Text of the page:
Rick Warren, the “purpose-driven life” pastor, signed the dhimmi apology that a large number of Christian leaders recently offered to Muslims. But he’s not sure what for. Don’t bother him with details! If there was ever something Christians did that was unjust or unkind to Muslims, Rick Warren is sorry for it!
“Rick Warren: ‘I always own up to mistakes,'” by Art Moore for WorldNetDaily.com: (thanks to all who sent this in):
LAKE FOREST, Calif. — Widely regarded by mainstream media as one of America’s most influential leaders, he’s met with dictators, apologized to Muslims on behalf of Christianity, accepted blame for global warming and invited pro-choice politicians to speak at his Southern California megachurch.
All of that, and more, raises red flags with a sizeable number of evangelicals who share the traditional theological and social views of Rick Warren’s Southern Baptist roots. The blue jeans-clad pastor of 22,000-strong Saddleback Church in Orange County says that with guidance from Billy Graham, he has intentionally tried to avoid engaging his critics. But on the heels of an appearance by Democratic Sen. Hillary Clinton at his church’s conference on AIDS, he welcomed the opportunity to sit down and talk with WND.
Last month, Warren drew some fire for signing a dialogue-seeking letter in which Christian theologians and ministers responded to an initiative by 138 Muslim leaders by apologizing for the medieval Crusades and “excesses in the war on terror.”
Asked specifically which excesses he had in mind, Warren replied:
“Ahhh, you know what “¦ I have no idea,” he said. “Because I didn’t sign it sentence-by-sentence.”
Similar to his endorsement of an initiative acknowledging man-made global warming, Warren said, “There might have been statements there I didn’t agree with, but generally I’m saying, I think it’s a good idea to get people talking.”
“It comes back to,” he said, referring to the letter to Muslims, “I am a pastor, not a politician. And what I’ve learned is that, in marriage if I’m trying to keep a divorce from happening “¦ I’ve found as long as I can get the husband and wife talking, they’re not going to divorce. The moment the talking stops the divorce is inevitable.”
Warren insisted he’s “not a Pollyanna, thinking getting different interfaith groups together is going to bring world peace.”
“We know that isn’t going to happen,” he said. “It just isn’t going to happen. That’s not what the Scripture says.”
All religions are not alike, he emphasized, and one can’t be a Christian and adhere to any other faith. But he argued, “There’s a difference between compromise and civility.”
As long as I’m talking with my enemy, Warren said, “he’s not sending a bomb my way.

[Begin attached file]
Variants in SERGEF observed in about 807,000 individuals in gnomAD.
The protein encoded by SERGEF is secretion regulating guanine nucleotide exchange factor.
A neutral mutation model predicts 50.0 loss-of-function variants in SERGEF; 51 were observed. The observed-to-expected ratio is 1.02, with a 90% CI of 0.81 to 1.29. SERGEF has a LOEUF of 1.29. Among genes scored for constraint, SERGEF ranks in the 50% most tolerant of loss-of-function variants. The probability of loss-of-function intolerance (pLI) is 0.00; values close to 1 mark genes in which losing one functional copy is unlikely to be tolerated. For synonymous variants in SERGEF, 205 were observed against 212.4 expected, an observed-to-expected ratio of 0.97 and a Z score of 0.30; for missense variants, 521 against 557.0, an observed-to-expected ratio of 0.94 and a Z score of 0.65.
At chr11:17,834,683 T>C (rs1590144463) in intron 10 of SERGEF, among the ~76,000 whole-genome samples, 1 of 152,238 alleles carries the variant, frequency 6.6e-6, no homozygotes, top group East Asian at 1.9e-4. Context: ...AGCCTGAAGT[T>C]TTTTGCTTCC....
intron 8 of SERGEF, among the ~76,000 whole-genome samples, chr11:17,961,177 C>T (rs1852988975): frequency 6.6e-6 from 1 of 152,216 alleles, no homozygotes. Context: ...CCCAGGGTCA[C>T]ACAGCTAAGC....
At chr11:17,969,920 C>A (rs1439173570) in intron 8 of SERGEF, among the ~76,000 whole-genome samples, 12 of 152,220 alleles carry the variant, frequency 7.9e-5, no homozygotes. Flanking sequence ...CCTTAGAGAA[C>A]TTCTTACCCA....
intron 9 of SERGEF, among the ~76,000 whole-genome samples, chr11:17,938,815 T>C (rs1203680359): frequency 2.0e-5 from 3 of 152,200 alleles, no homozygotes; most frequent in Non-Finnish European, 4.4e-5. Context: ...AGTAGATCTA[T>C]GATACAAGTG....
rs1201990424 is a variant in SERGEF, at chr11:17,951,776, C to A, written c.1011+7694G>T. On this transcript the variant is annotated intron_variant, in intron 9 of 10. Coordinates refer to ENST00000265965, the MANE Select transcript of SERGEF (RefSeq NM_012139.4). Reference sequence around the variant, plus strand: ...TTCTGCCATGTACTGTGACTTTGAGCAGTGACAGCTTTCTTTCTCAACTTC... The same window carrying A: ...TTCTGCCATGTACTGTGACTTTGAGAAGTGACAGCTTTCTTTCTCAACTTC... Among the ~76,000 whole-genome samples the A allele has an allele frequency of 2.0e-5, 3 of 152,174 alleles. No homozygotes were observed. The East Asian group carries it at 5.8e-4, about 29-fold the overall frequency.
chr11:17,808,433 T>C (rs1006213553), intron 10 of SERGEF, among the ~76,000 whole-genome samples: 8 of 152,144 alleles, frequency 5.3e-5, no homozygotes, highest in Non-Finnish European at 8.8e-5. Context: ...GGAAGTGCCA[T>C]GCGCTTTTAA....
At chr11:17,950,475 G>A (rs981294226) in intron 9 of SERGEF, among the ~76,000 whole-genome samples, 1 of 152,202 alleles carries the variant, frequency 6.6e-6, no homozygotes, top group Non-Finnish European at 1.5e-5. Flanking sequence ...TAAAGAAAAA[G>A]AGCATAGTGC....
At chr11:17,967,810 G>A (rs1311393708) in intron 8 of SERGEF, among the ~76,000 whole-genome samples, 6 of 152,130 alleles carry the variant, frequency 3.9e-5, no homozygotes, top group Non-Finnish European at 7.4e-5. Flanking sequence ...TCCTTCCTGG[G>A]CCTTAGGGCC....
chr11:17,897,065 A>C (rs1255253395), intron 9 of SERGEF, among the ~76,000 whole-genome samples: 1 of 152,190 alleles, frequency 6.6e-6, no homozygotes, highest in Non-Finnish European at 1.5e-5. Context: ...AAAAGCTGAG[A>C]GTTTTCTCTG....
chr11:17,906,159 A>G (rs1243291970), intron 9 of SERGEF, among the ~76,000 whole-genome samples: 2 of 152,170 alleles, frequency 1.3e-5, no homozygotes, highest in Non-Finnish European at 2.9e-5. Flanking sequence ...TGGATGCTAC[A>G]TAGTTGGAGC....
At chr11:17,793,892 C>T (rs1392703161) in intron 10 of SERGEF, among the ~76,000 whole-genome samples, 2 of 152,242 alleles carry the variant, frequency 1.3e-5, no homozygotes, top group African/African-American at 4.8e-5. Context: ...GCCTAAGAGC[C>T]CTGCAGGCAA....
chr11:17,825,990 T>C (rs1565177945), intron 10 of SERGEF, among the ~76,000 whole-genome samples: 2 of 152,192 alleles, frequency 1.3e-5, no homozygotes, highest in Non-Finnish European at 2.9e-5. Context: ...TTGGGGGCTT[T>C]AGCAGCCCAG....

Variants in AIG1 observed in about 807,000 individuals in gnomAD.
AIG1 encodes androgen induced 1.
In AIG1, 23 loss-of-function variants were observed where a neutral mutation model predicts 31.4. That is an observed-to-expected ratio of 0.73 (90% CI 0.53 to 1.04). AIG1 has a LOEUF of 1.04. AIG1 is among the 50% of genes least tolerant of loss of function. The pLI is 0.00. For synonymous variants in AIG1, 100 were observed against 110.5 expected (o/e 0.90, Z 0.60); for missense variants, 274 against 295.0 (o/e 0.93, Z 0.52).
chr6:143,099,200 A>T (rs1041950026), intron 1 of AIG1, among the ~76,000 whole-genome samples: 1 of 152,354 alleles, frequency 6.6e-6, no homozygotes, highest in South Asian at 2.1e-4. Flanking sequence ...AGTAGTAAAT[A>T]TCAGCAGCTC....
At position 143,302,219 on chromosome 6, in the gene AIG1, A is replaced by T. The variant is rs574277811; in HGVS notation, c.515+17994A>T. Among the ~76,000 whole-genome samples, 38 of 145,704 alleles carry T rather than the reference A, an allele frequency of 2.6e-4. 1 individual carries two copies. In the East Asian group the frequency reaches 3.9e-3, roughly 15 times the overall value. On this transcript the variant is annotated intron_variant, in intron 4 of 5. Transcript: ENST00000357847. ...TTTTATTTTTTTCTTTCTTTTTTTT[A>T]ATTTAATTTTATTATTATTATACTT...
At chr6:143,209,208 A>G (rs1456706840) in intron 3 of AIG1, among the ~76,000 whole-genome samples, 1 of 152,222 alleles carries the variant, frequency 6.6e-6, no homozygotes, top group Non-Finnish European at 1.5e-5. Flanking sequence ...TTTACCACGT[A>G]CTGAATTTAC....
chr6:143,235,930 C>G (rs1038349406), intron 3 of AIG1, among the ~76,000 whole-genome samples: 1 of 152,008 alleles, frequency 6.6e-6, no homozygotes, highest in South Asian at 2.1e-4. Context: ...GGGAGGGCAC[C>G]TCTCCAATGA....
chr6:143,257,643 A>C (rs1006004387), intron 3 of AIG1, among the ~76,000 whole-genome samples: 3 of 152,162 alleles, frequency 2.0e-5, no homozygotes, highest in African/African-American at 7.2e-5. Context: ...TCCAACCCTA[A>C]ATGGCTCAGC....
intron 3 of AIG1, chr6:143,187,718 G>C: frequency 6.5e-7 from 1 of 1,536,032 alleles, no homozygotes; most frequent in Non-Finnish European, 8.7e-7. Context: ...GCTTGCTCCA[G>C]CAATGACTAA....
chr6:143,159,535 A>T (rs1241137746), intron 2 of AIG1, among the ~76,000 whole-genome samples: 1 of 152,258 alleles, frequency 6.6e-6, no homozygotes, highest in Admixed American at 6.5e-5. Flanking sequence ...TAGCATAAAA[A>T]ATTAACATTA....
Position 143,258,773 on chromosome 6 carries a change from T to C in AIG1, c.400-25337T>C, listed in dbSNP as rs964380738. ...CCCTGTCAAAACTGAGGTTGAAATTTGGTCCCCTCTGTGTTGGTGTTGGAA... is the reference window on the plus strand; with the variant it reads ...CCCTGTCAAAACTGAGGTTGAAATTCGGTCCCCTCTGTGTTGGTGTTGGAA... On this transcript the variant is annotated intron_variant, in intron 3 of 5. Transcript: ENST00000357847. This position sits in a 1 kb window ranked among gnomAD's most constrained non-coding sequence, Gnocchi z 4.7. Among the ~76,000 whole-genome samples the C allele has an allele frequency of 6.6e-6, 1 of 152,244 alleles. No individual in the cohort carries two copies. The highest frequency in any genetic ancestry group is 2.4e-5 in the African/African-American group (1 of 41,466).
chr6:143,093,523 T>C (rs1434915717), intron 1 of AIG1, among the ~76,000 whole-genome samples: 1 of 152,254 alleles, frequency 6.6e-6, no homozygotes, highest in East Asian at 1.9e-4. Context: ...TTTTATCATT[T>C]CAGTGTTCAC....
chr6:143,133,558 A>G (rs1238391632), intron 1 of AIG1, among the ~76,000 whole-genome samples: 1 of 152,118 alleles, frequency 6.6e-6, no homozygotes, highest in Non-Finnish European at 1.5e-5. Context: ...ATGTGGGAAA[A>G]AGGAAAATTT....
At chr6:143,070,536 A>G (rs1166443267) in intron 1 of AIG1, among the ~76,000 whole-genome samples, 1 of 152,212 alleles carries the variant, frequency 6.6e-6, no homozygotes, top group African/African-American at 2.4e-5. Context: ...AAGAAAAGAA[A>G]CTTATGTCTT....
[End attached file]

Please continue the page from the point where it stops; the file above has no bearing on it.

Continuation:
No, but he may be trying to make you more susceptible to his efforts at subverting your society.
“Don’t think that you’re going to bring in the kingdom with dialogue, you’re not going to do it,” he clarified. “It isn’t going to happen. But it can keep things from escalating.”
He interjected that this approach has led to productive discussions with prominent political and religious leaders in the Muslim world.
“What I don’t talk about publicly is the talks with people who call me behind the scenes,” he said.
“On the other hand — it’s going to sound like I’m talking out of both sides of my mouth, but I’m not, I believe this — the Bible says evil has to be opposed. Evil has to be stopped,” Warren continued. “The Bible does not say negotiate with evil. It says stop it. Stop evil. Hitler could not be negotiated with. And there are some people you cannot negotiate with.”
Warren argued there are many different kinds of Muslims in the world, and he’s met a sampling, from those “who wanted to cut my throat” to those who feel “like a brother.”
“Al-Qaida no more represents Islam than the Ku Klux Klan represents Christianity,” he contended. “Actually, if you study the background of al-Qaida, they were influenced by the same people who influenced Hitler. It was a lot of secular writers and Nietzsche and nihilists and stuff like that.”
Not the Qur’an, despite Osama’s tendency to quote from it copiously. Heavens, no.
Many of his critics take exception to that inference about Islam and further argue that agreeing to “excesses” in the war on terror and apologizing for the Crusades actually reinforces al-Qaida and other movements that use the claims as pretexts for their global jihad.
“Well, I understand that argument,” Warren said. “I disagree with it, because I’m not about to defend something that wasn’t Christianity. And the Crusades weren’t Christianity. Not as I see it.
Then why apologize?
“I do apologize, because I apologize for anything done in the name of Christ, that Jesus would disavow,” he said. “I think Jesus would have disavowed the Crusades. Because the Crusades were largely about territorial land and not even about a personal relationship with Christ.”
Never mind that the Crusades may, by preventing the total conquest and Islamization of Europe, have kept Rick Warren from becoming a dhimmi. He is well on his way to becoming one anyway.
Critics also argue the Crusades were a defensive response to Islamic jihad, and today Muslims are the aggressors in most of the world’s hot spots. Muslims aren’t apologizing for this, yet the letter to the Islamic leaders essentially puts Christians in the position of taking the blame.
“I’m not interested in what the radicals will do with that statement,” Warren said. “I’m interested in what the far-more majority of moderates will do with it, and say, Hey, maybe we should listen to this guy Rick Warren.”
Yes, I’m sure they’re lining up at Saddleback.